Third of all, like mentioned before, everyone in the world has ideas. That includes me. I'm not sitting around all day thinking about how I could make any kind of app I wanted, if only I just had an idea. I've got a ton of ideas; and as someone with a strong technical background + daily interactions with successful business owners and entrepreneurs, objectively my ideas are probably magnitudes better than yours. I have exactly zero reason to steal yours.

Fourth of all, if I was a truly evil person who was set on stealing ideas, an NDA wouldn't stop me. If this really was a brilliant idea that will make me millions just by making an app -- then I'm going to register a company in Croatia, and launch the app under that namesake. There will be zero connection between my name and the app, zero way of proving I broke an NDA, and zero way of enforcing an NDA. This point is interesting, because it's something that only happens to rookie entrepreneurs, who don't have the acumen yet to differentiate between shady developers and legitimate professionals. (Ironic, because one of those key differentiators is if the developer will even bother with someone asking for an NDA.)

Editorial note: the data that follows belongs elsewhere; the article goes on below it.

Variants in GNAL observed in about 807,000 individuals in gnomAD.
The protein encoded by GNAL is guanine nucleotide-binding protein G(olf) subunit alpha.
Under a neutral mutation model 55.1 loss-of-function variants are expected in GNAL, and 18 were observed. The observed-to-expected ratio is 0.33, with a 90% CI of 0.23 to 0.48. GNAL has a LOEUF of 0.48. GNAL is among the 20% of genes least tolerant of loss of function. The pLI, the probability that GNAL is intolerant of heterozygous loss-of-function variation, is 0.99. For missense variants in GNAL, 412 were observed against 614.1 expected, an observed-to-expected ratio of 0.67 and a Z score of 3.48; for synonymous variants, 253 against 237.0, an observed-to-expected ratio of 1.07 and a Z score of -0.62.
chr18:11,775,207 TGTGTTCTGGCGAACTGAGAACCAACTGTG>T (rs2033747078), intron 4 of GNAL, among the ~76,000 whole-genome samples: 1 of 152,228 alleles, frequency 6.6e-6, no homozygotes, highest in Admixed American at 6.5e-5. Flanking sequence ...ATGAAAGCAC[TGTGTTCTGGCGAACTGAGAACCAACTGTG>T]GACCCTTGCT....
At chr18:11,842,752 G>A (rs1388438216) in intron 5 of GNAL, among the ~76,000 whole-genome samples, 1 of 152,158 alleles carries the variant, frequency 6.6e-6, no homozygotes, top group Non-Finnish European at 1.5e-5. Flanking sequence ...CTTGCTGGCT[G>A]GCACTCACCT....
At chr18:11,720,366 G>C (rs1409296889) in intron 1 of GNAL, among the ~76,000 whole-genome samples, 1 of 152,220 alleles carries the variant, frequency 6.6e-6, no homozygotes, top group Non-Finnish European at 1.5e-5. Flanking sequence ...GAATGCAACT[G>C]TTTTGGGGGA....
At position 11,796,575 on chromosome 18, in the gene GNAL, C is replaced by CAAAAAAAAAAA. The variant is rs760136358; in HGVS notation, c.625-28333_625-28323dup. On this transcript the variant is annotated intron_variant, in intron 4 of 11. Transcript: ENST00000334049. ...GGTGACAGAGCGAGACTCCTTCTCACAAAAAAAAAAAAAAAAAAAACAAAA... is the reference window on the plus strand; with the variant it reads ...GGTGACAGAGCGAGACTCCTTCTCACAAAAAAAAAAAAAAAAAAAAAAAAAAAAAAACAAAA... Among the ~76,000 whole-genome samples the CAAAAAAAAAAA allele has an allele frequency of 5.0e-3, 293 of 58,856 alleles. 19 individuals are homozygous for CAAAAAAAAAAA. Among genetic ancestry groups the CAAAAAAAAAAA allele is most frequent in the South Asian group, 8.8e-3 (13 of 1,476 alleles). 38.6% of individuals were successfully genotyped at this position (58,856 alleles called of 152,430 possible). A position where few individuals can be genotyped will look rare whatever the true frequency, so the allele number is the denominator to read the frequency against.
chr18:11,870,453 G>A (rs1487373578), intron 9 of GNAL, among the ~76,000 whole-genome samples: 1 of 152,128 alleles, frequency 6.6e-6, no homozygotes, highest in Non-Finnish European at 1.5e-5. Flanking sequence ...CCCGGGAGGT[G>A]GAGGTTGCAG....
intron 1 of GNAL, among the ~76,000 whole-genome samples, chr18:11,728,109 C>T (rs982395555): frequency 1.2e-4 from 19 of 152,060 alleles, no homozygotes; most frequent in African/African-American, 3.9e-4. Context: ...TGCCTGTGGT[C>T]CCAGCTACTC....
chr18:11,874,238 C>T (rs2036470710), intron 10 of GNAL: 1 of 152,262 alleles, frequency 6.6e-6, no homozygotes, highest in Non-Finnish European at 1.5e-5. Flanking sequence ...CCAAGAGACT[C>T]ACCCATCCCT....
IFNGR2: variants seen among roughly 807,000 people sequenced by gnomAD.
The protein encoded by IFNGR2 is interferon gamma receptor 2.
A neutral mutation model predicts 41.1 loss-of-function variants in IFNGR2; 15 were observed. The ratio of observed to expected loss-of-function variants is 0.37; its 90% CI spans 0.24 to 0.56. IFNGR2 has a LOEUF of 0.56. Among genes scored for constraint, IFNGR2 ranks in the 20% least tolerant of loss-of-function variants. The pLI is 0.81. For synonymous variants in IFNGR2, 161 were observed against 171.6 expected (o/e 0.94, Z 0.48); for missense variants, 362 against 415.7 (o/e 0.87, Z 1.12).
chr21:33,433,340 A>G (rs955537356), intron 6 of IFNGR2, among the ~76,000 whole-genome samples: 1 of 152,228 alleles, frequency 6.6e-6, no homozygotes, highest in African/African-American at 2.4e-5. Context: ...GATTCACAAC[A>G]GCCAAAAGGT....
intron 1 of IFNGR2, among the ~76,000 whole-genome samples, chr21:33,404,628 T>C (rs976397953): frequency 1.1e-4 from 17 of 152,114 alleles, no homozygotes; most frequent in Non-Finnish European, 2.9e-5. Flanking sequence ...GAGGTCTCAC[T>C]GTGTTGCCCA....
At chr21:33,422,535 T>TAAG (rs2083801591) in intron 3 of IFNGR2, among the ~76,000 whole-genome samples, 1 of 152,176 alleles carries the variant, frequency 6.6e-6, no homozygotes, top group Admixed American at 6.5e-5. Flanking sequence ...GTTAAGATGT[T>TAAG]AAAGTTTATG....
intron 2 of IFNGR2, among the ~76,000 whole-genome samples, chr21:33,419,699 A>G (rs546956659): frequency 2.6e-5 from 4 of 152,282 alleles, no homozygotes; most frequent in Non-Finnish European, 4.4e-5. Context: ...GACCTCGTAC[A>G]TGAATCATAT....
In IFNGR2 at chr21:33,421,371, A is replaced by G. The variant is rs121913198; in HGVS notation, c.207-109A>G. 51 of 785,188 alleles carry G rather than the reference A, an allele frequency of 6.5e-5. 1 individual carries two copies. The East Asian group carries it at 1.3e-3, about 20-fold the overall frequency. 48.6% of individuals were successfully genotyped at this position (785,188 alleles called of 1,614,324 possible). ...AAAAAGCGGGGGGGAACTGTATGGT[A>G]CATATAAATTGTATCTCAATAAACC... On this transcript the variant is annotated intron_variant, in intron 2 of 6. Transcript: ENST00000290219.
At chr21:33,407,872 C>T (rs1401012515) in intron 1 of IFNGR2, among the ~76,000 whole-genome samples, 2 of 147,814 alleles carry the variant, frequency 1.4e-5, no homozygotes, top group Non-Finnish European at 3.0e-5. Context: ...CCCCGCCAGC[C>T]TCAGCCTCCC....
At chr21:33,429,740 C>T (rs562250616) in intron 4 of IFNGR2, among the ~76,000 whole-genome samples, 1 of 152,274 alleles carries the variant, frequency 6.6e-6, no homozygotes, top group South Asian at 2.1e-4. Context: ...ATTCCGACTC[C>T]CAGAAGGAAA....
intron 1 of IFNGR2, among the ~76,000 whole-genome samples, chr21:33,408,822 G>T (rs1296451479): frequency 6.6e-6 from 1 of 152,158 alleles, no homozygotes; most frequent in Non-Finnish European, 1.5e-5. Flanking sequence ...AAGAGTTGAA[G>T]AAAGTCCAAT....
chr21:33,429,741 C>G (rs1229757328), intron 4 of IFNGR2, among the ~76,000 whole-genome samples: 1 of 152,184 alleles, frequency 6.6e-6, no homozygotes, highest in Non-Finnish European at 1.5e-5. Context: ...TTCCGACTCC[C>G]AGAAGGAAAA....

Prajukta Rath

July 25th, 2017

Yes definitely

'Bade Ayoade

Last updated on August 9th, 2017

From the responses to this Question, I believe it is necessary for us to separate an NDA from a Copyright or Patent.

Ideas cannot be protected legally via copyright or patent; yes. However with an NDA, what it does is to stop someone or a corporation with whom you have shared an idea, concept or plans (marketing, design etc.), from discussing it with anyone or taking steps to utilise this information.

The NDA is usually for a period or until such time as the confidential information shared becomes publicly available.

I believe signing an NDA is very important, not just for developers, but anyone sharing proprietary information.

Joseph Wang Chief Science Officer at Bitquant Research Laboratories

August 9th, 2017

Any competent developers in Hong Kong or the US will refuse to sign an NDA just to hear an idea. Once you are at the point where you are hiring them, they will sign an NDA that would protect trade secrets and confidential information.

Generally speaking, ideas are not legally protectable. Trade secrets and confidential information are, but any competent developer knows what a standard NDA looks like and will refuse to sign anything that has terms that are non-standard in the industry.

Youssef Selkani Software Development Consultant

August 10th, 2017